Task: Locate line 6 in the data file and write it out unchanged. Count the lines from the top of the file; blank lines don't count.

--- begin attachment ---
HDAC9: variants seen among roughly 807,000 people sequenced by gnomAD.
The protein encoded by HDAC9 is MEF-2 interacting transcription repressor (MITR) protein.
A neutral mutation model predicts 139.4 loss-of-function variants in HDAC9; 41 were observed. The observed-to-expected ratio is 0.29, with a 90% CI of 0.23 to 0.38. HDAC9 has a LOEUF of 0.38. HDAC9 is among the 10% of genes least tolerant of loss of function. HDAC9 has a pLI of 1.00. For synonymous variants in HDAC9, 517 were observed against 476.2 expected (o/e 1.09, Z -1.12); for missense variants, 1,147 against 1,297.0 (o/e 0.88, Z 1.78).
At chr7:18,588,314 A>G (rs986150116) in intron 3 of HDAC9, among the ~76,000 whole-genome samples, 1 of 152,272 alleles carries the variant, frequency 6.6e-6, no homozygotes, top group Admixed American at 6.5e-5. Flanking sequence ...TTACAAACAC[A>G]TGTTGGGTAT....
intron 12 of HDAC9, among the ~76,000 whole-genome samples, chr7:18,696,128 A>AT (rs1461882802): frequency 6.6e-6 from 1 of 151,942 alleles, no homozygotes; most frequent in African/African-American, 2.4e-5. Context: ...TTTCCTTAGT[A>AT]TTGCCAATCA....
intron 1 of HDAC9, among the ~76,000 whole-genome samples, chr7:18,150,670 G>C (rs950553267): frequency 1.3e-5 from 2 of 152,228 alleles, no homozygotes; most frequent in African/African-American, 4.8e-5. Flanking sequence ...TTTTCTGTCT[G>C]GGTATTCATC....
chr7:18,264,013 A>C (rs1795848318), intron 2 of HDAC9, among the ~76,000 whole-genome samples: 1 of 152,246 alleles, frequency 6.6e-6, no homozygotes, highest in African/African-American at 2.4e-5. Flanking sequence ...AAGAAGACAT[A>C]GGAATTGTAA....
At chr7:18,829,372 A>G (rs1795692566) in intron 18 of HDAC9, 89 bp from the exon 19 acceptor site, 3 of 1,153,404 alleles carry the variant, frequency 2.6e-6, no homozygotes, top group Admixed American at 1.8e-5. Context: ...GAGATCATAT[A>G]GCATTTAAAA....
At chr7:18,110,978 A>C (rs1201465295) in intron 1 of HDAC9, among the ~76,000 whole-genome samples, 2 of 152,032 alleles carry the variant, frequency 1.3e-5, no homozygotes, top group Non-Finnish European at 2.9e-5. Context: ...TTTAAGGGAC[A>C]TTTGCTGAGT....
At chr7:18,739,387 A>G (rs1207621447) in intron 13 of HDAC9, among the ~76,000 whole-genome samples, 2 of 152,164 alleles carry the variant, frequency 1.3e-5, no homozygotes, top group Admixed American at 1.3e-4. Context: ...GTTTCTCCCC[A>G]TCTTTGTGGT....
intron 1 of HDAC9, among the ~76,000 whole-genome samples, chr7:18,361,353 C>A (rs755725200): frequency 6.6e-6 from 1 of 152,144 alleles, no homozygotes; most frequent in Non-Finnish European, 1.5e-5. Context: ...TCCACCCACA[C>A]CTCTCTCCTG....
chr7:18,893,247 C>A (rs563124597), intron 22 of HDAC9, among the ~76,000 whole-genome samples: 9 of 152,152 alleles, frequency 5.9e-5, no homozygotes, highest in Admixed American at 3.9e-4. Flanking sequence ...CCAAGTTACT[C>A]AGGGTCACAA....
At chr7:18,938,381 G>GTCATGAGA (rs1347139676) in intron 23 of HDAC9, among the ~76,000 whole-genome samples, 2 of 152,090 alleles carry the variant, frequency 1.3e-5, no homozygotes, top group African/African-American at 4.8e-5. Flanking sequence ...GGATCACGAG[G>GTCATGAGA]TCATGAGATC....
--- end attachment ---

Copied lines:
intron 1 of HDAC9, among the ~76,000 whole-genome samples, chr7:18,150,670 G>C (rs950553267): frequency 1.3e-5 from 2 of 152,228 alleles, no homozygotes; most frequent in African/African-American, 4.8e-5. Flanking sequence ...TTTTCTGTCT[G>C]GGTATTCATC....